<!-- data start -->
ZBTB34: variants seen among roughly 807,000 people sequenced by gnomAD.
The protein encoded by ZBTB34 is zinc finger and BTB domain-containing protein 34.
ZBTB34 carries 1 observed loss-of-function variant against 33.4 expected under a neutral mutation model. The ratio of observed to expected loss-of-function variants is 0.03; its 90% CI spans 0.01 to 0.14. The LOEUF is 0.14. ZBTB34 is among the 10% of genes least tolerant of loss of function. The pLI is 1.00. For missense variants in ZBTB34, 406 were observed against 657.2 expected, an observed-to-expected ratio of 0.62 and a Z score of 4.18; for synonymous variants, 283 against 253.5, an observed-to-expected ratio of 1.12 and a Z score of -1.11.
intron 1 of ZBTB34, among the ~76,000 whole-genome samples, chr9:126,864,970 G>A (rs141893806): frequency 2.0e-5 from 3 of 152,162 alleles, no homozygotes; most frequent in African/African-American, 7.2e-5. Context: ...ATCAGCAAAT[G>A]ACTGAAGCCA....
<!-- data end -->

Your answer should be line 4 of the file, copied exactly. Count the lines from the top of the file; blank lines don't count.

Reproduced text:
intron 1 of ZBTB34, among the ~76,000 whole-genome samples, chr9:126,864,970 G>A (rs141893806): frequency 2.0e-5 from 3 of 152,162 alleles, no homozygotes; most frequent in African/African-American, 7.2e-5. Context: ...ATCAGCAAAT[G>A]ACTGAAGCCA....